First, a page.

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Alarm Bells Ring Over Downturn in Mining and Oil Production

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Alarm bells ring over downturn in mining and oil production

By Gabriela Mancero Bucheli

March 25 2013

Mining has become a major source of growth for Colombia's economy during the last
decade, and was recently designated as an engine for economic development by the
government. In 2012 mining accounted for more than 23% of the country's total exports.

However, many fear that 2012 marked a turning point in the mining sector's upward
dynamic. Between January and November 2012 mining exports amounted to $12.8
million and represented 23.4% of the country's exports; however, in the same period in
2011 this percentage was approximately 25%. While gold exports increased by 26%,
thanks to increased production and a rise in the international price of gold, coal exports
decreased by 5.2%, from $7.6 million for the period between January and November
2011 to $7.2 million for the same period in 2012. In total, mining exports accounted for
just 2.5% of a total exports' growth of 6.9%.

Colombia made a great effort to create a new institutional framework for the electricity
sector in the 1990s and for the oil sector at the turn of the century; now, the country
seems in a hurry to organise the institutional regime for the mining sector. Colombia
has tremendous potential in this area, but the institutional challenge that this activity
presents is significant and does not depend solely on the Ministry of Mining and
Energy's management. Issues such as insufficient geological information, scarce
human capital and ongoing environmental conflict mean that Colombian mining
urgently requires due attention.

Colombia is currently the 10th largest coal producer and the sixth largest coal exporter
in the world. However, in the last 20 years, no significant new projects have been
initiated; conversely, it is estimated that there are over 2,000 illegal mining excavators in
operation. In Choco – Colombia's number one gold-producing region, according to the
Colombian Mines Chamber – only one environmental licence has been granted.
Less than 15% of the country has been considered for mining. The National Mining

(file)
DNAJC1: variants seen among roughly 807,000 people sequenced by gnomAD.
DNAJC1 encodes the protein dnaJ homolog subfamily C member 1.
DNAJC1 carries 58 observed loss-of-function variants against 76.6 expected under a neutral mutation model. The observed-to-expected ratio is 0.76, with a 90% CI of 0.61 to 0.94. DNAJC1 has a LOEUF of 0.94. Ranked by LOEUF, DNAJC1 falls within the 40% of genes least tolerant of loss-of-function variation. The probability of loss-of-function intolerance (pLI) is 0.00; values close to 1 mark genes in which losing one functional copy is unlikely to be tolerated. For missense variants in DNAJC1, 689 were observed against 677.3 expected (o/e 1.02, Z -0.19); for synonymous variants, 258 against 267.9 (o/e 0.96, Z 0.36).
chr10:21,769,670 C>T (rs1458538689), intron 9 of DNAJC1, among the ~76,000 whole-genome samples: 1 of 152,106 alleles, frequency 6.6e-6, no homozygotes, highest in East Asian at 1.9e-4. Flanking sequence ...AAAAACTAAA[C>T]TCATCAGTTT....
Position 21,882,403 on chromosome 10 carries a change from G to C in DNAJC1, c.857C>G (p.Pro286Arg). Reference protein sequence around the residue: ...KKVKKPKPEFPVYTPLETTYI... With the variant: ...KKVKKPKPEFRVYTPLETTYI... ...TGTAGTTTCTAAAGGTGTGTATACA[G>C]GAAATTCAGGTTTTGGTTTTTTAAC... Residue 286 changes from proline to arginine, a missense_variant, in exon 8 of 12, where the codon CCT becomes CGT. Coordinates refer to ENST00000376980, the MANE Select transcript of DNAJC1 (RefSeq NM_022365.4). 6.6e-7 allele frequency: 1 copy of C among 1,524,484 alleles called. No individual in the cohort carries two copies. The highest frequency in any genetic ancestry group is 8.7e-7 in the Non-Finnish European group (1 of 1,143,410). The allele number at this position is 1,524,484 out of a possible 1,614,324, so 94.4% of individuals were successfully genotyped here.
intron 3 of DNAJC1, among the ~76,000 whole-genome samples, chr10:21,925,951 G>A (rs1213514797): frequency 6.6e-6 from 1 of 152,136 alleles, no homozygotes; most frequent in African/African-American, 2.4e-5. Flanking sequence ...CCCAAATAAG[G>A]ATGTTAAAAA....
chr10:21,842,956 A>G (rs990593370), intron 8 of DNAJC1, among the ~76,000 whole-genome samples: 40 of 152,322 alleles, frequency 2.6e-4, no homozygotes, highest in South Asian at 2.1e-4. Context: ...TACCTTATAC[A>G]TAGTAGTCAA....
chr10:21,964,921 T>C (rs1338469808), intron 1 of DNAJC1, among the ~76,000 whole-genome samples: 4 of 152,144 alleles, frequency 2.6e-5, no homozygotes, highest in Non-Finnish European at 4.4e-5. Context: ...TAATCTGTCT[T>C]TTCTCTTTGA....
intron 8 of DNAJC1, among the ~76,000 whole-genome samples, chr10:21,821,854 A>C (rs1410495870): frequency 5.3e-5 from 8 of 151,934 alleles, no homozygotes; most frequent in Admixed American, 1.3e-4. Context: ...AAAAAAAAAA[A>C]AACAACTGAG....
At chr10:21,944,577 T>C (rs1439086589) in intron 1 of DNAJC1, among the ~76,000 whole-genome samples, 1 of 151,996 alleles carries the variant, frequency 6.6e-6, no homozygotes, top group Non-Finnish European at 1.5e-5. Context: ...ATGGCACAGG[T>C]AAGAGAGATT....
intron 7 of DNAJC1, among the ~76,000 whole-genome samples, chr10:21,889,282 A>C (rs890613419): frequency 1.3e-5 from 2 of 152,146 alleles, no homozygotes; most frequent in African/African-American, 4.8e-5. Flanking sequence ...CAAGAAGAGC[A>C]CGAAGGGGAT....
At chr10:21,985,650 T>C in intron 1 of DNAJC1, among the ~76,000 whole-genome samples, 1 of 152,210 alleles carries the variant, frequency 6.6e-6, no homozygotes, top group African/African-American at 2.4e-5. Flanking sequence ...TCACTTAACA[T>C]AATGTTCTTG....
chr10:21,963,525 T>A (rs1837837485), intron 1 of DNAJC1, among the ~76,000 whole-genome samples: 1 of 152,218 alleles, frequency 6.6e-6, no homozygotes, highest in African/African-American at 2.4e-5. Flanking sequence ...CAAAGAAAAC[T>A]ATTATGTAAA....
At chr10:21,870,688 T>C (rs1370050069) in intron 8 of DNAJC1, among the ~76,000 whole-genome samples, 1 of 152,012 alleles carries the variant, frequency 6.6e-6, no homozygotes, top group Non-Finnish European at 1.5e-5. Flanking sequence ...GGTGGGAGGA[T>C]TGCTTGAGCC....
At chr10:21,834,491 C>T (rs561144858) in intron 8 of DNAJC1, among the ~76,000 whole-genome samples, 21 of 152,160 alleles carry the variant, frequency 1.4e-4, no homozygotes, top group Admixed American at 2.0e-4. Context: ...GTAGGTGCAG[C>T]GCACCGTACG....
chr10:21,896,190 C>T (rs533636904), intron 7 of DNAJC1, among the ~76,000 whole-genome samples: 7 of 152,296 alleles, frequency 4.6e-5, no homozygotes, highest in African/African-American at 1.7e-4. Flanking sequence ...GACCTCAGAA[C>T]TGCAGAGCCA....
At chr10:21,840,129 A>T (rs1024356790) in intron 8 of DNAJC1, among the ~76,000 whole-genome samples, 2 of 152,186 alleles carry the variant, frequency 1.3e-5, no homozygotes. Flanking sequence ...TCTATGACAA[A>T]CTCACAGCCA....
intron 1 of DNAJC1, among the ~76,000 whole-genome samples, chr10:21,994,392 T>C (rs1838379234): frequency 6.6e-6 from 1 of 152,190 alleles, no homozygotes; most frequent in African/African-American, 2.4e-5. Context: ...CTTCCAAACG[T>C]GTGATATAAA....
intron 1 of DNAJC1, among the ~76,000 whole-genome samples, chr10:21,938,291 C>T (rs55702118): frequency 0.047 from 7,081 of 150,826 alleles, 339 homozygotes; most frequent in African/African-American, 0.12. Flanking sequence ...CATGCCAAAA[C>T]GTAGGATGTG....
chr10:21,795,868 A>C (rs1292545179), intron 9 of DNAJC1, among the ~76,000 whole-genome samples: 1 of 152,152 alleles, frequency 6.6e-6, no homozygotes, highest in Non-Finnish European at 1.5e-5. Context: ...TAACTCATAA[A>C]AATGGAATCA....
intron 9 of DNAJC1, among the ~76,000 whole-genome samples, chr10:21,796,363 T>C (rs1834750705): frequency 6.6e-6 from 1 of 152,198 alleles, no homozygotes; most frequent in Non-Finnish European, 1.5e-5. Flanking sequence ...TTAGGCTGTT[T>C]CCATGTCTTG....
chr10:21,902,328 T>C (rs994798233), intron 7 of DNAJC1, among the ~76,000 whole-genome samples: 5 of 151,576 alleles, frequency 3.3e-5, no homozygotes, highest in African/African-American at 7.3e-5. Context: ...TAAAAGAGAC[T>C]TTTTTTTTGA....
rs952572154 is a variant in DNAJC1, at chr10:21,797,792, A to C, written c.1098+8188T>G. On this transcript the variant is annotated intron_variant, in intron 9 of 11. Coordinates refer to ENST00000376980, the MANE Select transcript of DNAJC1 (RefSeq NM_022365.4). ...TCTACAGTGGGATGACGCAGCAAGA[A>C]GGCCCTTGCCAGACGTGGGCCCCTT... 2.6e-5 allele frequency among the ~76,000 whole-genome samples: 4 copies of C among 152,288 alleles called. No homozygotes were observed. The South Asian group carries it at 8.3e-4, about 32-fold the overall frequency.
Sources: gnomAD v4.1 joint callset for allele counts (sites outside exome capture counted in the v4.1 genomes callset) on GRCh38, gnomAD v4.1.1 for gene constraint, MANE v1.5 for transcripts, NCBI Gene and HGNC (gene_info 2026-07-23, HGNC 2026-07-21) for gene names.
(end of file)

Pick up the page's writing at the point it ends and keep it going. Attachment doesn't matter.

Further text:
Development Plan for 2014, prepared by the Planning Unit of Mining and Energy, states
that the country is young in terms of exploration. Several mining applications have been
rejected. Communities, non-governmental organisations and even environmental
authorities' actions have prevented exploration in promising regions.

Demand for coal has decreased due to the United States' replacement of imported
thermal coal gas with domestic shale gas. The Cerrejon strike(1) reduced production,
slowed down growth and decreased mining royalties. In addition, the National Mining
Agency has not yet been established and no bids have been placed.

However, there is some positive news. There is progress in expanding production for
Cerrejon from 32 million to 40 million tons a year, with investments of up to $1.3 million.

Multinational Codelco announced its intention to look for copper in Colombia, as the
price of copper has improved due to the burgeoning construction sector in China.
Companies such as Goldman Sachs and Prodeco announced plans to invest
approximately $41.5 million in the sector. A large delegation from Australia is interested
in the Colombian market for mining services. Coal producer CCX denied that it is
considering withdrawing from the country. Contracts were renewed for the Cerro
Matoso and Paz del Rio mines.

In addition, the 2013 round for minerals in strategic areas will be tendered in the
second half of the year, once the mining cadastre has been divulged and potential is
known. Coal is being exported to Europe, and opportunities for the Asian market are
being explored.

Figures show a steady growth for hydrocarbons and other mineral production, despite
price fluctuations and other deterrents. Consequently, the revaluation of the Colombian
peso – a result of this process – should be viewed as both an opportunity and a
challenge: an opportunity to invest in capital and innovation, and a challenge to
Energy & Natural Resources - Colombia


(1) After 25 days of strike action, the union and the company reached their first
agreement on March 6 2012. Losses due to the strike have been estimated at
approximately $73 million.

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